The Faces of Transplant: How Organ Donation Saved Their Lives
Organ donors have a unique ability to help. Meet some Michigan Medicine transplant patients who are thriving thanks to the generosity of others.
Millions of people have registered to give their organs to others in the event of their own death. The donor count includes more than 4 million in Michigan alone. Registration is simple and free.
The end result, however, may not be what comes to a donor’s mind when signing up.
But each of the hundreds of transplant surgeries performed every year at Michigan Medicine has such a pairing — the donor and the person who received their gift.
Although every patient is different, most share a common refrain in recovery: None would be alive without the selflessness of others.
Here are a few of their stories:
Ann Schofield, liver transplant
A sudden bout of fatigue coupled with off-color urine and a strange skin odor frightened an otherwise healthy Ann Schofield. The life-threatening diagnosis: acute liver failure.
With little time to spare, a new liver was secured for the 50-year-old, who at first resisted the notion of such an exchange.
After a successful transplant and recovery, however, Schofield remains humbled by not only a new lease on life, but also her unknown donor’s grace. “My miracle was the worst day for their family,” she says. “I will always keep that in my heart and mind.”
Owen Pointer, heart transplant
Owen Pointer has a well-deserved nickname: “Mr. 1 Percent,” as he beat the odds of a rare and complex heart condition. Key to the infant’s survival was a heart transplant at 11 months old — a procedure that will probably need to be repeated in his adolescence.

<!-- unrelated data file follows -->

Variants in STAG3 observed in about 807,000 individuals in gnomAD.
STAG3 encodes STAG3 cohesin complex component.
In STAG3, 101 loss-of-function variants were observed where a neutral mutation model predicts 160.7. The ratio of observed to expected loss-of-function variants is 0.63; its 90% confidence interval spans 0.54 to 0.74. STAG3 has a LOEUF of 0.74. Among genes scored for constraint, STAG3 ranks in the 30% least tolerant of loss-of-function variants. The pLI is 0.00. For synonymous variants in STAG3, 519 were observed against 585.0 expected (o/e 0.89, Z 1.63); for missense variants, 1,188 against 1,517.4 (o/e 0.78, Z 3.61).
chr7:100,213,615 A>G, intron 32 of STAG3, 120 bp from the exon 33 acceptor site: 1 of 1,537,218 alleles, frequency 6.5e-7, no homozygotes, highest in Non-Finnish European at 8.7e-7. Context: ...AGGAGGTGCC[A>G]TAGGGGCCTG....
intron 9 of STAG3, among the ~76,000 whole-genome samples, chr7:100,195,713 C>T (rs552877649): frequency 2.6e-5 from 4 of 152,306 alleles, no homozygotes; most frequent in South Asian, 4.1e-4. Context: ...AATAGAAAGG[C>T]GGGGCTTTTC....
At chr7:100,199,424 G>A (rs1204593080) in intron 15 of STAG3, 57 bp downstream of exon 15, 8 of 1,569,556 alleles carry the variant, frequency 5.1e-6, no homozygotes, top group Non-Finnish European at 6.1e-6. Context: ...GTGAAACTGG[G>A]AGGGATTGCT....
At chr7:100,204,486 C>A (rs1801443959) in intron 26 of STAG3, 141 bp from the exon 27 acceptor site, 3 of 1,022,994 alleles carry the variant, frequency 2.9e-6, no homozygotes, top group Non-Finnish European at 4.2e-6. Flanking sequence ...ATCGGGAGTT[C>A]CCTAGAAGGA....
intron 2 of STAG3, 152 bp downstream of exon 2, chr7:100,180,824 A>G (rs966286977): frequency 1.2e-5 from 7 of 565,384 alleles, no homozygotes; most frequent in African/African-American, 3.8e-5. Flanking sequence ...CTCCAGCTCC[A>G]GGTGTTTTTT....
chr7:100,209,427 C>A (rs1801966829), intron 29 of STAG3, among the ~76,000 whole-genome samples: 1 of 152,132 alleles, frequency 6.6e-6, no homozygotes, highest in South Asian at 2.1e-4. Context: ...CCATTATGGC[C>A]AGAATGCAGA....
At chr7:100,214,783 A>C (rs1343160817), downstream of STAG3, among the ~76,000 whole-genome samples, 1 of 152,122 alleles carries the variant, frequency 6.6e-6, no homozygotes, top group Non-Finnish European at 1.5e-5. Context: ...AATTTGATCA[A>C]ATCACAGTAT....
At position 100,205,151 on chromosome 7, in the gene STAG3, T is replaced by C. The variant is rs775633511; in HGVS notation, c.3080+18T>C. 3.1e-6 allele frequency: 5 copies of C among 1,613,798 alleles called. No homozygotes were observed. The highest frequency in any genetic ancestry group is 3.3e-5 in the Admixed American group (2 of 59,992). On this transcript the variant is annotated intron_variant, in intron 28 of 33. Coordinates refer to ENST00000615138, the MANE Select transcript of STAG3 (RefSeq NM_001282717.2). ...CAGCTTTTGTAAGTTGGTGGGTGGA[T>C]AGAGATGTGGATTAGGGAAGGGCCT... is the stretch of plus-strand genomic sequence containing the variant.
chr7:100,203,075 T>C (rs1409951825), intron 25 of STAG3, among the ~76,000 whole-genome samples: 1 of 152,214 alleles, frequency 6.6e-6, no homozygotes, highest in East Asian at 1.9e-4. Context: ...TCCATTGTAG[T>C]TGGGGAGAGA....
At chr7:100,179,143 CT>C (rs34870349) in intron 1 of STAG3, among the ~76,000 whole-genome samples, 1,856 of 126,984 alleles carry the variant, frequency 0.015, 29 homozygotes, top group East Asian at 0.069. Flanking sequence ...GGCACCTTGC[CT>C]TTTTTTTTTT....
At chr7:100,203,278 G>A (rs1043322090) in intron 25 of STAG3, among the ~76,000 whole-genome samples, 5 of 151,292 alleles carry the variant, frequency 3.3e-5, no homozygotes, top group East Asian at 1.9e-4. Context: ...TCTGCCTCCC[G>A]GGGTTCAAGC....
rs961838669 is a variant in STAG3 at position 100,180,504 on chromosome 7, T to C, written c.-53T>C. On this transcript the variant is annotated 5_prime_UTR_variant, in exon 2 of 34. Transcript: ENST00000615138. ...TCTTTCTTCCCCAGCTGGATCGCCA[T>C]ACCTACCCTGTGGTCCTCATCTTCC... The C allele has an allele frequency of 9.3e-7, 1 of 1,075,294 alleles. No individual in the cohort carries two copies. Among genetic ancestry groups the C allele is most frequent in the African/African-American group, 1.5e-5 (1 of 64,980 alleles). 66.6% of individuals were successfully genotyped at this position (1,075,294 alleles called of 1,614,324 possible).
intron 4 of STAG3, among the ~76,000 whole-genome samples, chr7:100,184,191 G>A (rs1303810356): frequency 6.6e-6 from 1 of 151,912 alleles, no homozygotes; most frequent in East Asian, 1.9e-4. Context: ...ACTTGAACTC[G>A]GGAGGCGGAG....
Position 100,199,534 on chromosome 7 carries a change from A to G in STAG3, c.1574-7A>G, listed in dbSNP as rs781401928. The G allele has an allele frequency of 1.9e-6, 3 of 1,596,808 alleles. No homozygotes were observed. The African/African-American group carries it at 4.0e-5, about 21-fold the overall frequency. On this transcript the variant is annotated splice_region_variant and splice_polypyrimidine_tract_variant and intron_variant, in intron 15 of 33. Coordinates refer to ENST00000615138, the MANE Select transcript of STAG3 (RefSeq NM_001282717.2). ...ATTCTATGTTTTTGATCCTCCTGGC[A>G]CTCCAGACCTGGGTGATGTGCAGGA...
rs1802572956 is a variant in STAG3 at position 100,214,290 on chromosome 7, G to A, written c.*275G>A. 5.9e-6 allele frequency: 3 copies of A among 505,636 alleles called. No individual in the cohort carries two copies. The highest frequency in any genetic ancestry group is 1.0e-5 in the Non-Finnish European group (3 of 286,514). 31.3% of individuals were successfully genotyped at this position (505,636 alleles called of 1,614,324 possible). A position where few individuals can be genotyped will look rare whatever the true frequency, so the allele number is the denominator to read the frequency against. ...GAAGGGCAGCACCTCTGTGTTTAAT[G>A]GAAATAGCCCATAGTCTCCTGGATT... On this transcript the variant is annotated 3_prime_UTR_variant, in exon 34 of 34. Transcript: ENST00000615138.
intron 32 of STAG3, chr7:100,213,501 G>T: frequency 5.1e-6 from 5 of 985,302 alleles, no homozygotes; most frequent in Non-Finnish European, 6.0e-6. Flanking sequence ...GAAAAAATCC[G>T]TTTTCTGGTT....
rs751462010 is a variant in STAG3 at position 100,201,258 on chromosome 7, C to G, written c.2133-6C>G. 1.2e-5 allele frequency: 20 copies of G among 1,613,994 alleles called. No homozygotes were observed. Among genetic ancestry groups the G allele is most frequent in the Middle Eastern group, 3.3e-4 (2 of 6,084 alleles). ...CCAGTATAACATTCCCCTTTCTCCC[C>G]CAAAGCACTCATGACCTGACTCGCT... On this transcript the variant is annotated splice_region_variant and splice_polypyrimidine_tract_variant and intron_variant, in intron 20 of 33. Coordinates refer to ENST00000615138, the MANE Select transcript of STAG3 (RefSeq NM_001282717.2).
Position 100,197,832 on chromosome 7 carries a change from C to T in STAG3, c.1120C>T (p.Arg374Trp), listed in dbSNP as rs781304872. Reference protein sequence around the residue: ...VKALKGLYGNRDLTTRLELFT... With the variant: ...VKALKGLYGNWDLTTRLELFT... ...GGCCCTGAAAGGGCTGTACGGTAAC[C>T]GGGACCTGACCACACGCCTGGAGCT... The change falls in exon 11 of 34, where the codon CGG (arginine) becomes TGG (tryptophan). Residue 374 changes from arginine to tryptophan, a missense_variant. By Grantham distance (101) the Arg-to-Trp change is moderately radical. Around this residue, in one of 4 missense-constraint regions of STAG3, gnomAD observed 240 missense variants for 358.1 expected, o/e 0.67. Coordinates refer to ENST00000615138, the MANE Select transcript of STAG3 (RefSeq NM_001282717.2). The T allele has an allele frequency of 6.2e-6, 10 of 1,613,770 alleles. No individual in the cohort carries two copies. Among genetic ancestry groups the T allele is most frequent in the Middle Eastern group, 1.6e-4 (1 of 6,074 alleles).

Still, as Owen has marked five birthdays since the surgery, his family cherishes the lifesaving gift that has allowed the youngster to enjoy life with his twin, Keegan, and two older brothers.
“We’re about to celebrate five years,” says Owen’s mother, Erin McRae. “We weren’t even expecting five days.”
Stan Larkin, heart transplant
One and a half years — 555 days, to be exact. That’s how long Stan Larkin, a patient with hereditary heart disease, went without a heart as he awaited a transplant.
Keeping him alive during the interim was a Total Artificial Heart, implanted equipment that replaces both ventricles and four heart valves — and connects to a backpack-sized machine via tubes to pump blood and allow greater mobility.
But such devices are temporary. At age 25, the father of three finally got a suitable donor match (and a successful transplant surgery) in May.
Miguel Tomas Lucio, liver transplant
As a singer who once recorded under a major label and earned a Latin Grammy nomination, Miguel Tomas Lucio has always had a strong voice.
After a 2013 diagnosis of hepatocellular carcinoma — a liver cancer that would require a transplant for Lucio to survive — the artist has since lent his pipes to urge more people, Hispanics in particular, to register as organ donors.
The reason: “Not everyone survives the wait,” says Lucio, a father of three who waited about a year to receive his new liver. “I know how lucky I am.”
Scot Cannel, heart transplant
After learning he had end-stage heart failure several years ago, Scot Cannel knew it was only a matter of time before he would require a transplant.
The high school band director nonetheless had mixed emotions once a suitable donor was found. He grieved for that person’s death, but he knew the loss would shift his own life’s tune.
Says Cannel: “I try to stay healthy now, not only for myself, but for the memory of my donor; that’s my responsibility.” He also encourages everyone to learn more about organ transplantation and, if it’s right for them, to register.
Patrick Salem, heart transplant
On the surface, Patrick Salem seemed like the portrait of wellness: He ate a balanced diet and exercised often.
But a discovery of congestive heart failure in 2004, when he was just 29, led doctors to give Salem a left ventricular assist device until a donor heart could be found. A transplant followed several months later.
Now healthy, married and working as a motivational speaker, Salem uses his personal setback (and functional new organ) as a source of strength. “My diagnosis gave me the courage to live the life I had always wanted to live,” he says.